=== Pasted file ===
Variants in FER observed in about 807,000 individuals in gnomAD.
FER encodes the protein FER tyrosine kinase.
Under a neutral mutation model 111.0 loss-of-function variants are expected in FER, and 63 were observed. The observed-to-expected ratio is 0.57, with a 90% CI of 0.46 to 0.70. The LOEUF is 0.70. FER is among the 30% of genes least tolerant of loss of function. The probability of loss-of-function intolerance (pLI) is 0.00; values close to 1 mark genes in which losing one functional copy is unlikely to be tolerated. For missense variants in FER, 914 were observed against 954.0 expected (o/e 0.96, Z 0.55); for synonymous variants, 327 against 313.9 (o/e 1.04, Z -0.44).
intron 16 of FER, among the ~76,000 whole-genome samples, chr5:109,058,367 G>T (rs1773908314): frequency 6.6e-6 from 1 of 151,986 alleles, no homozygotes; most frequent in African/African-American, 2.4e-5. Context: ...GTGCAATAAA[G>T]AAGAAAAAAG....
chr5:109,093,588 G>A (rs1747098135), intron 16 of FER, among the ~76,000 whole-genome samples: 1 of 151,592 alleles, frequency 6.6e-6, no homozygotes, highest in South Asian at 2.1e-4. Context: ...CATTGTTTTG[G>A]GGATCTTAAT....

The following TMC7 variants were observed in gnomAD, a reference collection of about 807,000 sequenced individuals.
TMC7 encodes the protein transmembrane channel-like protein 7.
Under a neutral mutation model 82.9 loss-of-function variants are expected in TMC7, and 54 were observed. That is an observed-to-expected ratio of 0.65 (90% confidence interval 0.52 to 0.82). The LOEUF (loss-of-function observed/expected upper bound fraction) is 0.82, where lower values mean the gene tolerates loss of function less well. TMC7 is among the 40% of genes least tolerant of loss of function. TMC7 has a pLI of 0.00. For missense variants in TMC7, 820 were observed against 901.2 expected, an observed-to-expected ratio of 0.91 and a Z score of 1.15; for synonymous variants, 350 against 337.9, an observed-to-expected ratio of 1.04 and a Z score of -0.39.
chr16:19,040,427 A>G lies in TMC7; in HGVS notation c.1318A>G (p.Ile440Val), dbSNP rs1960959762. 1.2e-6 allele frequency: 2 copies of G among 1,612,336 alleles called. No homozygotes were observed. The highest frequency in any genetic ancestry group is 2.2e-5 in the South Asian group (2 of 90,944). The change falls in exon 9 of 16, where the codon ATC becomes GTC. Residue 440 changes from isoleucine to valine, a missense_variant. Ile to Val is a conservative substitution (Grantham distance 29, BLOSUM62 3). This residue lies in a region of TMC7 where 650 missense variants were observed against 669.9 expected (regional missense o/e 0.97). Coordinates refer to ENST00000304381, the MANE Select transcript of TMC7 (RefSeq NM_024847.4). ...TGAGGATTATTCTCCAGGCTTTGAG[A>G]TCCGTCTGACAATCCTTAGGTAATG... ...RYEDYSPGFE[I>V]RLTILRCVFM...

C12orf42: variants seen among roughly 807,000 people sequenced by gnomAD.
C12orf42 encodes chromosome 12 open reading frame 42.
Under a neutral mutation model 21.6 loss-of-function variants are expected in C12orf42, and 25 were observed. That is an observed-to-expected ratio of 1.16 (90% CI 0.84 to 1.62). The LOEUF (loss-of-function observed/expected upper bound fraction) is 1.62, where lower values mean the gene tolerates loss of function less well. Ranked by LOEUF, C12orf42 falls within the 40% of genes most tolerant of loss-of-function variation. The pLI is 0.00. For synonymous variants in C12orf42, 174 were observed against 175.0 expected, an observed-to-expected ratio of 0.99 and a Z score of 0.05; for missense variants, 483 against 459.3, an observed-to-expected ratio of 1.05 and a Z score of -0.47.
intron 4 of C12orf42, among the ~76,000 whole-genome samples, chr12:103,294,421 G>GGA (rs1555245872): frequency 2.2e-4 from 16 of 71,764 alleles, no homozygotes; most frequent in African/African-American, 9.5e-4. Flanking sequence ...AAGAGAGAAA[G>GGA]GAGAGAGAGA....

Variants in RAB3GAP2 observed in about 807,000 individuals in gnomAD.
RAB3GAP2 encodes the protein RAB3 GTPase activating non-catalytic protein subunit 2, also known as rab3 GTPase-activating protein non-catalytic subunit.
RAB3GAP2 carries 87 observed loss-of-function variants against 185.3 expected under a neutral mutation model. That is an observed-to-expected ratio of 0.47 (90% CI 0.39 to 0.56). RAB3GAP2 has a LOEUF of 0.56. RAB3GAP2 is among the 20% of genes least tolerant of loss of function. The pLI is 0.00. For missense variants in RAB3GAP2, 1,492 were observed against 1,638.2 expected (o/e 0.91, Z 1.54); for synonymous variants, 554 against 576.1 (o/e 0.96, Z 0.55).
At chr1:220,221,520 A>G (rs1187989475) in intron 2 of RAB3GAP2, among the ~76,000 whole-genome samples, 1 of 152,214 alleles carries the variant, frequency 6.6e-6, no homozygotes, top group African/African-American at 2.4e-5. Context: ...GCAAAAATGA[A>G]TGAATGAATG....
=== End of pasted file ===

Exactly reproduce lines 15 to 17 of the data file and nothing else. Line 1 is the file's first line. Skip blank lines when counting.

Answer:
RAB3GAP2 encodes the protein RAB3 GTPase activating non-catalytic protein subunit 2, also known as rab3 GTPase-activating protein non-catalytic subunit.
RAB3GAP2 carries 87 observed loss-of-function variants against 185.3 expected under a neutral mutation model. That is an observed-to-expected ratio of 0.47 (90% CI 0.39 to 0.56). RAB3GAP2 has a LOEUF of 0.56. RAB3GAP2 is among the 20% of genes least tolerant of loss of function. The pLI is 0.00. For missense variants in RAB3GAP2, 1,492 were observed against 1,638.2 expected (o/e 0.91, Z 1.54); for synonymous variants, 554 against 576.1 (o/e 0.96, Z 0.55).
At chr1:220,221,520 A>G (rs1187989475) in intron 2 of RAB3GAP2, among the ~76,000 whole-genome samples, 1 of 152,214 alleles carries the variant, frequency 6.6e-6, no homozygotes, top group African/African-American at 2.4e-5. Context: ...GCAAAAATGA[A>G]TGAATGAATG....